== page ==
Doeren’s path to NC State had several stops

Dave Doeren’s mother has come around in the last couple of decades, though it may have taken a while.

Doeren’s intent when he attended Drake University in Des Moines, Iowa, was to get a good education, play football and go to medical school. He wanted to be a doctor. His mother, Susan, really wanted him to be a doctor.
So after whetting the appetite for coaching while he was still in school, Doeren made a decision that surely wasn’t going to please his mom: He wasn’t going to be a doctor, after all, he was going to coach football.
“My mom was mad when I made the choice to become a coach,” said Doeren, who this past weekend was named the new head coach at North Carolina State.
Doeren had already taken the Medical College Admission Test (MCAT) and was in the process of preparing to transition himself academically. But in the summer following his junior year at Drake, his high school coach asked him to conduct a 7-on-7 practice session. Current coaches were not allowed to participate, but former players could. So he did.
“I did that, and when I left I went home sand said, ‘I’m not going to be a doctor, I’m going to be a coach. That’s the funnest three hours I’ve ever had in my life,’” Doeren said. “From that point on that was it, I was going to be a head coach. I just didn’t know how long it was going to take me.”
Doeren’s contract at NC State is worth $1.8 million annually for five years, according to NCSU athletic director Debbie Yow. There are rollover clauses based on performance built in as well. Doeren joked after Sunday’s introductory news conference that his mother is pretty pleased with him as a coach now.
But the 41-year-old coach’s ascent to the ACC wasn’t an overnight one, and is laced with a fascinating string of experiences.
He has coached at seemingly every level of football. Doeren was a high school assistant coach before taking on several roles at his alma mater. He then worked at Southern Cal, Montana, Kansas and Wisconsin, where he was a sought-after defensive coordinator.

The last two seasons, Doeren has been the head coach at Northern Illinois where he led the Huskies to a 23-4 overall record and spot in the upcoming Orange Bowl. But he won’t be coaching NIU vs. Florida State on Jan. 1. He’s in Raleigh, NC, already working on building a staff and other aspects of the infrastructure of his new job.
The coaching bug that got to Doeren during that 7-on-7 workout 20 years ago was more a product of a seed that was planted by his grandfather, Thomas Glennon, a longtime track and basketball coach in Kansas.
“I grew up being around that kind of person that inspired people,” said Doeren, referring to his grandfather. “Seeing how his former athletes would still contact him and refer to him as ‘Coach’ even when he was 70 years old was always kind of special to me.”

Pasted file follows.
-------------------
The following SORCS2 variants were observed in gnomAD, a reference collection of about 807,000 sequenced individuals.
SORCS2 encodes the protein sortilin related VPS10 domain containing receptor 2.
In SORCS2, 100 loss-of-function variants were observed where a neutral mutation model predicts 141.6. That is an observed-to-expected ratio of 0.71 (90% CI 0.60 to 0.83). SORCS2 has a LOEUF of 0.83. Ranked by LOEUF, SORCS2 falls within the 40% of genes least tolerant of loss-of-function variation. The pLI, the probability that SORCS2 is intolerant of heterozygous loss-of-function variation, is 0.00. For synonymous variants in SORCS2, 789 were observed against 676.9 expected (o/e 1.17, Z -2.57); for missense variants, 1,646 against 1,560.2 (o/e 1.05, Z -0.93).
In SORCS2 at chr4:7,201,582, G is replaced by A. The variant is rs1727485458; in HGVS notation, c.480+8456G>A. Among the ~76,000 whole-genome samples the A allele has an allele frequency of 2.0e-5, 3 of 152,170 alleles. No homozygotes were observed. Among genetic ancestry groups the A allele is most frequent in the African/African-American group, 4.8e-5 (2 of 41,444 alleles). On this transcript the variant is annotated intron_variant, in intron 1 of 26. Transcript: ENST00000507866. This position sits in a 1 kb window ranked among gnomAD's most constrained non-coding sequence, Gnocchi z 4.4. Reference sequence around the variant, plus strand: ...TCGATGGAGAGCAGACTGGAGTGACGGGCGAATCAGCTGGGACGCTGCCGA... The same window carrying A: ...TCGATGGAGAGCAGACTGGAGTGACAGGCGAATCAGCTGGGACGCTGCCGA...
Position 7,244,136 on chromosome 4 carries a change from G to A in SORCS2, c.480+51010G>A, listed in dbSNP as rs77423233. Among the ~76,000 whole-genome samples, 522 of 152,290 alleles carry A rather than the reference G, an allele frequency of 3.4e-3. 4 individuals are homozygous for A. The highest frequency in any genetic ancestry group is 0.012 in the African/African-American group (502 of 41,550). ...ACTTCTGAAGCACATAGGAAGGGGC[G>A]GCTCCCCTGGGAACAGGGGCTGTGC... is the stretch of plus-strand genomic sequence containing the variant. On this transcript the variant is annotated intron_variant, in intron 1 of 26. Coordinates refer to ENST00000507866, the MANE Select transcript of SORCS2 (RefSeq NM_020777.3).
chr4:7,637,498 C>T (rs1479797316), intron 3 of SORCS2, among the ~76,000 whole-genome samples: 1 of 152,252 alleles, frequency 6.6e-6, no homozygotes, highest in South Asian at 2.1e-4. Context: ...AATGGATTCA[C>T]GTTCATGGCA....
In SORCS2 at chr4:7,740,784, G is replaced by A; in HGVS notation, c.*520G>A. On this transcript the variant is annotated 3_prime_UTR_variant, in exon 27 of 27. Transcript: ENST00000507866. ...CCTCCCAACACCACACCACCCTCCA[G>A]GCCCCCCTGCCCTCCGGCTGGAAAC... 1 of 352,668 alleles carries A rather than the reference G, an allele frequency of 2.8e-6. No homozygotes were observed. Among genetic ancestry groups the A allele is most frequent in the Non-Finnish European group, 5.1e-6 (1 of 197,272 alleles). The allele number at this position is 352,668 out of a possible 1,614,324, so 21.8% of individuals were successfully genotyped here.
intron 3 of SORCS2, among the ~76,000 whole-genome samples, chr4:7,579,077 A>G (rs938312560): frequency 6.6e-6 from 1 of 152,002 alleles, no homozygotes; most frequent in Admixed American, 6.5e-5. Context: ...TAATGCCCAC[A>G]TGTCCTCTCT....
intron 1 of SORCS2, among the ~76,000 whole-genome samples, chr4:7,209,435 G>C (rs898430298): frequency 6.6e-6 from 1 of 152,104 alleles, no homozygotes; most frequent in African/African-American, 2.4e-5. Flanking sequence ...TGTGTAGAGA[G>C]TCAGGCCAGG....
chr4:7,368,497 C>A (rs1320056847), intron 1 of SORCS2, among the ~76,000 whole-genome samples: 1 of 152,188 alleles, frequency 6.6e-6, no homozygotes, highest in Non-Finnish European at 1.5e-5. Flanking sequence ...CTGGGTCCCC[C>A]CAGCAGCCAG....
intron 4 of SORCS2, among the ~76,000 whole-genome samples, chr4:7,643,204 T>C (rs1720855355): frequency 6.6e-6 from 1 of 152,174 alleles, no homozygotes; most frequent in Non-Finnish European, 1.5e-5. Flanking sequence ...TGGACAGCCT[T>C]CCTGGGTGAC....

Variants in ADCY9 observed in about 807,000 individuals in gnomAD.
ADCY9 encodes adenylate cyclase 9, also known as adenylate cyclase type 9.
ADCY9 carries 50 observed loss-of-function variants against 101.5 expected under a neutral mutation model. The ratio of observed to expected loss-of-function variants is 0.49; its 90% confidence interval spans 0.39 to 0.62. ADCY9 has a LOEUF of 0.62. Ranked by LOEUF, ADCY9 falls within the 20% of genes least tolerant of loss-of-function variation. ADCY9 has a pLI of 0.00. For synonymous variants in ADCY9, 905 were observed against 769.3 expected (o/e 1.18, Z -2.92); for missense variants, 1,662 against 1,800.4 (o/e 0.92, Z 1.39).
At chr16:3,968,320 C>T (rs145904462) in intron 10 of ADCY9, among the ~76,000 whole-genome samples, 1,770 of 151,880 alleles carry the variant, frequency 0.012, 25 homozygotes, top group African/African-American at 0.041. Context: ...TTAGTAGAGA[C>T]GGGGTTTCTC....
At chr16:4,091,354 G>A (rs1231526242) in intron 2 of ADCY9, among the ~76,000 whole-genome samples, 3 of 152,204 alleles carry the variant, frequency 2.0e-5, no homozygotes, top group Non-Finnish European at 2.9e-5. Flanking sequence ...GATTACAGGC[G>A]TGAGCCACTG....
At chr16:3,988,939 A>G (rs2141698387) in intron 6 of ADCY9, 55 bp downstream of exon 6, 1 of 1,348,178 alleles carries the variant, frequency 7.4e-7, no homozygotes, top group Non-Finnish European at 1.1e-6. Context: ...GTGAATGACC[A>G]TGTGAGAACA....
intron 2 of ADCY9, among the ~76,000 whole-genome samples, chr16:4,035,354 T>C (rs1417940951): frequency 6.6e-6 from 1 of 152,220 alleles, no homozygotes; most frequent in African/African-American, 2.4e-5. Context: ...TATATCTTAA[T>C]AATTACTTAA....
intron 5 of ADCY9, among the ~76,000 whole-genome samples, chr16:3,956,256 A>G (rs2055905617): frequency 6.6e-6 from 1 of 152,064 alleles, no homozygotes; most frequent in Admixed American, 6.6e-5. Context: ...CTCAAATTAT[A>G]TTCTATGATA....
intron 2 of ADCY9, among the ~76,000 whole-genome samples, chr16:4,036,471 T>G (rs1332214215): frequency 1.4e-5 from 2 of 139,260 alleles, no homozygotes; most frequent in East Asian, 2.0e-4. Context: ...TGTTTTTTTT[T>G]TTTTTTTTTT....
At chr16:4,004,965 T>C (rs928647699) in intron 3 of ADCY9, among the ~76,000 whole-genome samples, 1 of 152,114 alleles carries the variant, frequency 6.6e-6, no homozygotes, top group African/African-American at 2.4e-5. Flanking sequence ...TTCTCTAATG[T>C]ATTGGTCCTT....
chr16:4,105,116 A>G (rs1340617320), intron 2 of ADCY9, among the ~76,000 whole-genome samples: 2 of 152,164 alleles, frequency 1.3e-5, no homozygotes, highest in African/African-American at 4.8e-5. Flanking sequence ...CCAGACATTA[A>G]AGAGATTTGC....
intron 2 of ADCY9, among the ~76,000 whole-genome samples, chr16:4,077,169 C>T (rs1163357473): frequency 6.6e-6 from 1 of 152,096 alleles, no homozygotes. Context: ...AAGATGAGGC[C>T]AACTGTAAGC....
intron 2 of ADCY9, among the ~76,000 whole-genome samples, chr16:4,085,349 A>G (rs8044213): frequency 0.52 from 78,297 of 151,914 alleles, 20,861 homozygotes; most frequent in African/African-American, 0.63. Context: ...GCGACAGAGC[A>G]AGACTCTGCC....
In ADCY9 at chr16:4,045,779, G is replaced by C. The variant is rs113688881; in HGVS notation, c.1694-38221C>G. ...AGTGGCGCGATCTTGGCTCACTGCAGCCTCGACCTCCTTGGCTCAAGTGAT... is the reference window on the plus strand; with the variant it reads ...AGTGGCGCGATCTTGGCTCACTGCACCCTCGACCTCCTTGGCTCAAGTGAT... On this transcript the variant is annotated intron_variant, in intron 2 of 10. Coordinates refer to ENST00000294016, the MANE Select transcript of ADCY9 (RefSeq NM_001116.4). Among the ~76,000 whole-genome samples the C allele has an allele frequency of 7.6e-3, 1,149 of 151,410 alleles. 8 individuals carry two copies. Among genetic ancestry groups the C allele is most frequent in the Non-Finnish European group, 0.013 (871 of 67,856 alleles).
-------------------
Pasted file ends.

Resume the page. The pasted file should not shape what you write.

Doeren acknowledges coaching is in his blood, which explains why he’s done whatever it takes to make it work and stick in the business.
As an assistant at Drake, when coaches were paid just nine months out of the year, Doeren made extra money mowing grass at a physical plant. He even cooked food at a Mexican restaurant in the evenings.
“That’s what football coaches, do,” he said at his introductory news conference at NIU two years ago. “They have a passion and do whatever you can to stay in the biz. It’s led me to where I’m standing now.”
In an attempt to increase interest in the NIU program after replacing Jerry Kill, who had won 11 games in the prior season and is now at Minnesota, Doeren created a web series called “Doeren Discovers,” which appeared on NIU’s official website.
Among the things Doeren did was sing “Take Me Out To The Ballgame” during the seventh-inning stretch at a Chicago Cubs game at Wrigley Field, drove a Formula One race car more than 125 mph at Chicago Speedway and to top it off, he jumped out of an airplane 14,000 feet in the sky.
The more subtle side of Doeren speaks more to his true nature, however.
A Kansas City Chiefs and Royals fan growing up — he was particularly fond of Royals legend George Brett — Doeren’s love of fishing was born out of spending days with his grandfather as a kid. Now Doeren looks forward to teaching his kids how to fly fish in North Carolina, which has a lot of watering holes, lakes and rivers for their choosing. That’s one of several reasons he and his wife, Sara, chose to live the next stage of their lives in Raleigh.
They knew opportunities would come at the end of the season and began looking at possible openings and researching those schools and communities. When the NC State job opened, they absorbed as much as they could from the Internet and pretty much placed NC State at the top of their wish list above Auburn, California and others.
It helped that they had been to the Old North State several times prior to this past weekend.
After reading an article in a fishing magazine about a fishing spot just outside of Asheville, NC, the Doerens went there about 10 years ago. They visited the Biltmore, Appalachian State, where Doeren friended legendary ASU coach Jerry Moore, who retired a few days ago.
The Doerens returned to North Carolina a few more times, and when the opportunity came to actually move to the state, they jumped on it.
And here they are, a part of Wolfpack Nation with an opportunity and stability that has his mom’s approval.